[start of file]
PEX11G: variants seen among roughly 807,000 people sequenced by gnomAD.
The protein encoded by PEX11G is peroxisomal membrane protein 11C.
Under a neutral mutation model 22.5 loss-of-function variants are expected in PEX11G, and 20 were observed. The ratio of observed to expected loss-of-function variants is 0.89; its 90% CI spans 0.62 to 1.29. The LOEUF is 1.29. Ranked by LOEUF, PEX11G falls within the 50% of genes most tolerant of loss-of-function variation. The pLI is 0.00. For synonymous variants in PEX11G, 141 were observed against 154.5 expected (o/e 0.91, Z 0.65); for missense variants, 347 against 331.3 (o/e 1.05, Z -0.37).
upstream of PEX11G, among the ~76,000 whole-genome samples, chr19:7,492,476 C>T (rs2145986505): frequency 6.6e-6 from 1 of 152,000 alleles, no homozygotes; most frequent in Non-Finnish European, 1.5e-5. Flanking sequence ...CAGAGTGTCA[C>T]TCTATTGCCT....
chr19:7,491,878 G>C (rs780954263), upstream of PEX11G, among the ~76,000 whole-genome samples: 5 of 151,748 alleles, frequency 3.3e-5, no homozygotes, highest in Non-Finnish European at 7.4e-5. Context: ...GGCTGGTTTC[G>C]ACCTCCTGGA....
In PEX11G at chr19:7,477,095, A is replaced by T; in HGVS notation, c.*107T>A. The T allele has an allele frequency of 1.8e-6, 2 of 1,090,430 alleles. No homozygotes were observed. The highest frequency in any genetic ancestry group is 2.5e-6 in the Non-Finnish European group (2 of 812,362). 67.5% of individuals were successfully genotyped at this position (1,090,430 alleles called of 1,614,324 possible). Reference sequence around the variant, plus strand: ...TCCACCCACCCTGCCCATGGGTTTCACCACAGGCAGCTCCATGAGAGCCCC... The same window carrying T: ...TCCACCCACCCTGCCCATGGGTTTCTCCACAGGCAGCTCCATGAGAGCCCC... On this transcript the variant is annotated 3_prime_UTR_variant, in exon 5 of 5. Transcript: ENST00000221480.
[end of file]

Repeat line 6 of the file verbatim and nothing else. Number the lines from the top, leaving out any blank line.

In PEX11G at chr19:7,477,095, A is replaced by T; in HGVS notation, c.*107T>A. The T allele has an allele frequency of 1.8e-6, 2 of 1,090,430 alleles. No homozygotes were observed. The highest frequency in any genetic ancestry group is 2.5e-6 in the Non-Finnish European group (2 of 812,362). 67.5% of individuals were successfully genotyped at this position (1,090,430 alleles called of 1,614,324 possible). Reference sequence around the variant, plus strand: ...TCCACCCACCCTGCCCATGGGTTTCACCACAGGCAGCTCCATGAGAGCCCC... The same window carrying T: ...TCCACCCACCCTGCCCATGGGTTTCTCCACAGGCAGCTCCATGAGAGCCCC... On this transcript the variant is annotated 3_prime_UTR_variant, in exon 5 of 5. Transcript: ENST00000221480.